Newport Folk: An Ode to the Unannounced Set
Awake our soul.
“What about Bob Dylan? Or Neil Young? Or James Taylor? Paul Simon, maybe?”
It’s Saturday at noon and, although we’ve only just arrived at Fort Adams in Newport, my photographer buddy, Josh Aromin, and I have already batted around dozens of potential artists that might fill the unannounced headlining spot at the Newport Folk Festival. We bop to a set by Daniel Norgren on the Harbor Stage, but we can’t help ourselves.
“Nah, he’s on Broadway.”
“I feel like that’s too obvious.”
We stumble into Sandy McGee of portsmouthpress.com, who says she saw a tweet that claimed Marcus Mumford of Mumford and Sons was pumping gas in Newport on Friday. After a bit more social media stalking, we learned the band made a cameo at the Cook Brothers’ Folk Fest after-show at Jane Pickens Theatre on Friday night.
Josh couldn’t resist: “He pumps his own gas?”
The question is a loaded one. The British-born Mumford and Sons is arguably the most commercially successful folk band of the twenty-first century. The banjo-wielding foursome went electric on its last album, Wilder Mind, a move that drew comparisons to Dylan’s infamous electric set (a.k.a. the “booing incident”) at the ’65 Newport Folk Festival. I’m not convinced the modern audience would boo. Pack up their low-back chairs and head for the shuttle, sure. But you’d be hard-pressed to find a safer space for experimentation.
The unannounced format helps. It’s a trademark of festival producer Jay Sweet, who’s told reporters and fans that, one day, he’d like to keep the whole festival lineup a secret. (Read our interview with Sweet here.) It wouldn’t be too much of a stretch from the status quo; tickets sell out before the artists are announced, anyway. Surprise sets, from James Taylor and My Morning Jacket in 2015 to Nathaniel Rateliff and The Night Sweats in 2017, are par for the course. Jay Sweet wouldn’t steer us wrong. We all know it.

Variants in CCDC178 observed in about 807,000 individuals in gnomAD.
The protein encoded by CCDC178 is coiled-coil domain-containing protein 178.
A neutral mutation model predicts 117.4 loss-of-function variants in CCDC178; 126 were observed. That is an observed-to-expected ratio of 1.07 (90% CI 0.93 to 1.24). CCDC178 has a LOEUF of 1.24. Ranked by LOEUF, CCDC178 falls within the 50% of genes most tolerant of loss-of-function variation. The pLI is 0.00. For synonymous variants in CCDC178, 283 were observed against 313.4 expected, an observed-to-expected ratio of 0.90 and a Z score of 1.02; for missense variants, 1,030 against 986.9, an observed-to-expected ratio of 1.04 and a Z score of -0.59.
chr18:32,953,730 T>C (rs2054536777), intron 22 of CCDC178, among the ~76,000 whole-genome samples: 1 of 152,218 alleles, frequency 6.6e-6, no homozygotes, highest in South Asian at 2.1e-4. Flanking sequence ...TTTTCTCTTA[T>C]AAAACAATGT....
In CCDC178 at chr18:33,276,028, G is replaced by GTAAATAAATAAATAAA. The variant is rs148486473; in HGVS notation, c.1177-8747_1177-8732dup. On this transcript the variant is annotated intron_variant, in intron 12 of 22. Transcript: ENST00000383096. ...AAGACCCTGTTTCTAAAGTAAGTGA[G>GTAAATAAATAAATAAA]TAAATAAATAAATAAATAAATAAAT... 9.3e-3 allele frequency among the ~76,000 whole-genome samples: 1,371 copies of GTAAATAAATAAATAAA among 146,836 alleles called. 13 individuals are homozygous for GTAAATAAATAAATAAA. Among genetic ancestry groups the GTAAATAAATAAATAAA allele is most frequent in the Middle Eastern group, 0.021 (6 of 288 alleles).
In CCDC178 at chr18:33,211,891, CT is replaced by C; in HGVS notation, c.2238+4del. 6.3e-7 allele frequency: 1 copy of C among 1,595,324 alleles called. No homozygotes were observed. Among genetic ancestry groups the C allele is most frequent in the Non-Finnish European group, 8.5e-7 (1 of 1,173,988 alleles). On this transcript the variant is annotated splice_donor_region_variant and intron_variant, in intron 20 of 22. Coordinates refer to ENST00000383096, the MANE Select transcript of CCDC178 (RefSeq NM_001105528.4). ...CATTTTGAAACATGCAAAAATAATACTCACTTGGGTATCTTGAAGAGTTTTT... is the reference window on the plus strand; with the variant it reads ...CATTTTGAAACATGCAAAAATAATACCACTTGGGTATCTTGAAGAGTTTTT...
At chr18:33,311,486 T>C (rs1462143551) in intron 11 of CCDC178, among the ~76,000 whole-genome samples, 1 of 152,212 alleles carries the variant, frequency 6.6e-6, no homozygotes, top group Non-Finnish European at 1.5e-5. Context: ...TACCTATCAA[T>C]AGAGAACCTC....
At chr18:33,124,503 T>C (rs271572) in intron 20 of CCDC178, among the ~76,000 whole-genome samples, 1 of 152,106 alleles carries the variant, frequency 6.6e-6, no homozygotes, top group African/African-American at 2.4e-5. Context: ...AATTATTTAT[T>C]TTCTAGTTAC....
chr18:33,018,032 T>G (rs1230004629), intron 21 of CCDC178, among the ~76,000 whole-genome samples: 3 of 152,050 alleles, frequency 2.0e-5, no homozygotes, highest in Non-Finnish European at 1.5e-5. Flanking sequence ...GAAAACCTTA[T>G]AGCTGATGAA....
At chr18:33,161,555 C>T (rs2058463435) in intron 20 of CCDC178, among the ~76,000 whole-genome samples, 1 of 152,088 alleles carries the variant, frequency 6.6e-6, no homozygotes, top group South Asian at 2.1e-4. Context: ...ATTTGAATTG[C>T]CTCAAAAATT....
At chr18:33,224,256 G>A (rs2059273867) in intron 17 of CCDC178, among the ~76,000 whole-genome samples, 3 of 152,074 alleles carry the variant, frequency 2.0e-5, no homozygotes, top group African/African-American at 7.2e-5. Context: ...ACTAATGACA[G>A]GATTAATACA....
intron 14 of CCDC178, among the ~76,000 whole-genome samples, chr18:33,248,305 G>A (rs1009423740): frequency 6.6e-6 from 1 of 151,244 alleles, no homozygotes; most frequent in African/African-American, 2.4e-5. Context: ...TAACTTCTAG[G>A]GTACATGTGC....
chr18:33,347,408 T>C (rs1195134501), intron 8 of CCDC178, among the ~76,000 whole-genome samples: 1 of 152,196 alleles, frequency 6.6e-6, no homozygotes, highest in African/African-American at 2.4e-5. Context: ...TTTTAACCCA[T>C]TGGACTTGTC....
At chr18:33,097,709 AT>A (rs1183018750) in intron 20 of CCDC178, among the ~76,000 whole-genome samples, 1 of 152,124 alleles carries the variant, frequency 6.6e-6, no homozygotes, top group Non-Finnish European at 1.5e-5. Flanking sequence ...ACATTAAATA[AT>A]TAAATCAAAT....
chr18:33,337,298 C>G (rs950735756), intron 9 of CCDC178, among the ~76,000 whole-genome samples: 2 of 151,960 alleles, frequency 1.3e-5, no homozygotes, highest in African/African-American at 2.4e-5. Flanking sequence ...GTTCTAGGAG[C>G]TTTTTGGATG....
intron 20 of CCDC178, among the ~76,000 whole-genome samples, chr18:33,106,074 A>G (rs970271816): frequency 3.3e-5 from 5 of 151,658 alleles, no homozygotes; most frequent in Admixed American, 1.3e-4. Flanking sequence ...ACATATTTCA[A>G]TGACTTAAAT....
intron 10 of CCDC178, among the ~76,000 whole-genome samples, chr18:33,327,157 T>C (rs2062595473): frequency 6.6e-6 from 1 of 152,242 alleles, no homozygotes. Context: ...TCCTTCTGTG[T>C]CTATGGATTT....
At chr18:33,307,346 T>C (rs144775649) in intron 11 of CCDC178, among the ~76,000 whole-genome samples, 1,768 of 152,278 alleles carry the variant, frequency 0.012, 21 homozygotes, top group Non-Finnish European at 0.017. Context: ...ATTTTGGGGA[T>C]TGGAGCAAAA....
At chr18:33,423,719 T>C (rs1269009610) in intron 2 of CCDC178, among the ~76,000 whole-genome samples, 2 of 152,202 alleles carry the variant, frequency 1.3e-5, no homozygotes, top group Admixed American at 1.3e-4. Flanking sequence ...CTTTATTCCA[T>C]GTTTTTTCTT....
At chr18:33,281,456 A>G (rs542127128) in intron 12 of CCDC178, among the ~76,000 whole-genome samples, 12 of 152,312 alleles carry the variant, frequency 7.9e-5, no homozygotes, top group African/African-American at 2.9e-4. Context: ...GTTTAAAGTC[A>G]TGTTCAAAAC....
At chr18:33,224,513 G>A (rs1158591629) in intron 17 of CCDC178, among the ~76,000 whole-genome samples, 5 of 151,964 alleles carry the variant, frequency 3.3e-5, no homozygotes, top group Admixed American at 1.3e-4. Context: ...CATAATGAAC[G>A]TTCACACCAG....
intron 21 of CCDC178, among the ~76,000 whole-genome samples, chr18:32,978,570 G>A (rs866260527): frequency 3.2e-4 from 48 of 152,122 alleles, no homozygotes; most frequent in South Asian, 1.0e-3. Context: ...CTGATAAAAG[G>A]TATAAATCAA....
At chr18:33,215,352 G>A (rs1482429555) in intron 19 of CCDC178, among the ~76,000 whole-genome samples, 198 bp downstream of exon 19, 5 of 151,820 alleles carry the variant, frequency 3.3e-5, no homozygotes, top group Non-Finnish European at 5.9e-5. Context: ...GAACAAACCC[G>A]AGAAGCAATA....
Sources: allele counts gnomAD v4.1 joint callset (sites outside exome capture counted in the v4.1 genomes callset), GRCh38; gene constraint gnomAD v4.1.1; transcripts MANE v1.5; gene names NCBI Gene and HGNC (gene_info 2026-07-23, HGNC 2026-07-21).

Also: Unannounced sets protect the artists from Internet chatter and can get around non-compete clauses in contracts between bands and other summer festivals.
More importantly, though, there’s beauty in the unknown. An unannounced set induces a giddiness among festival-goers and is an easy point of conversation while you’re waiting for a beer or a Porta john. It adds to the sense that we’re all in it together. If you love the unannounced band, you’re jumping out of your chair and headed to the stage to dance and sing along with other diehards. If you’re not a fan, you sit back, enjoy the day and feel happy for the folks who get to see their favorite artists. Maybe you get a lobster roll and a Del’s. It’s all okay.
On Saturday, just before the unannounced closer, I poll my fellow festival-goers. Some have heard the same rumors as us. Another, in a Neil Young T-shirt, holds out hope for “Heart of Gold.”
I ask if anyone would be disappointed if it’s the wildly famous folkies from across the pond. One woman shakes her head no, eyes animated. She’d be psyched. Another guy says: “Why Mumford when it could be a folk hero?”
We funnel into the crowd by the stage, still wondering, like Christmas morning, just what we’ll get. And when Jay Sweet takes the stage to announce Mumford and Sons, many of us feel some conflicted satisfaction: We shook the box, we guessed what was inside. We were right, but it’s not a surprise.
The band takes the stage and Brandi Carlile (2018’s resident roving artist) and Maggie Rogers join them. Then it hits us all at once: This is Newport Folk Festival! We can guess ’til we’re blue in the face, but we’ll never know the whole or the heart of it until we’re standing there, in front of the stage, seeing it with our own eyes.
Mumford and Sons put on a hell of a set. The chill in the air, the diffused light, the overcast sky, the swelling music: The hour was almost cinematic.
But, joined onstage by Carlile, Rogers, Phoebe Bridgers, Mavis Staples, Jerry Douglas and other Folk Fest alums for covers of the Band’s “The Weight,” Simon and Garfunkel’s “The Boxer” and Radiohead’s “All I Need,” Mumford and Sons became part of the family.
Earlier in the day, Governor Gina Raimondo and ninety-two-year-old festival founder, George Wein, announced an agreement between the Rhode Island DEM and the Newport Festivals Foundation, which will keep the Newport Jazz and Folk Festivals in Newport for twenty-five more years.
Next year, five years from now, two decades from now: We can’t predict who will RSVP, who’ll collaborate, who’ll show up unannounced. But we’ll be in it together. That’s a family reunion we can count on.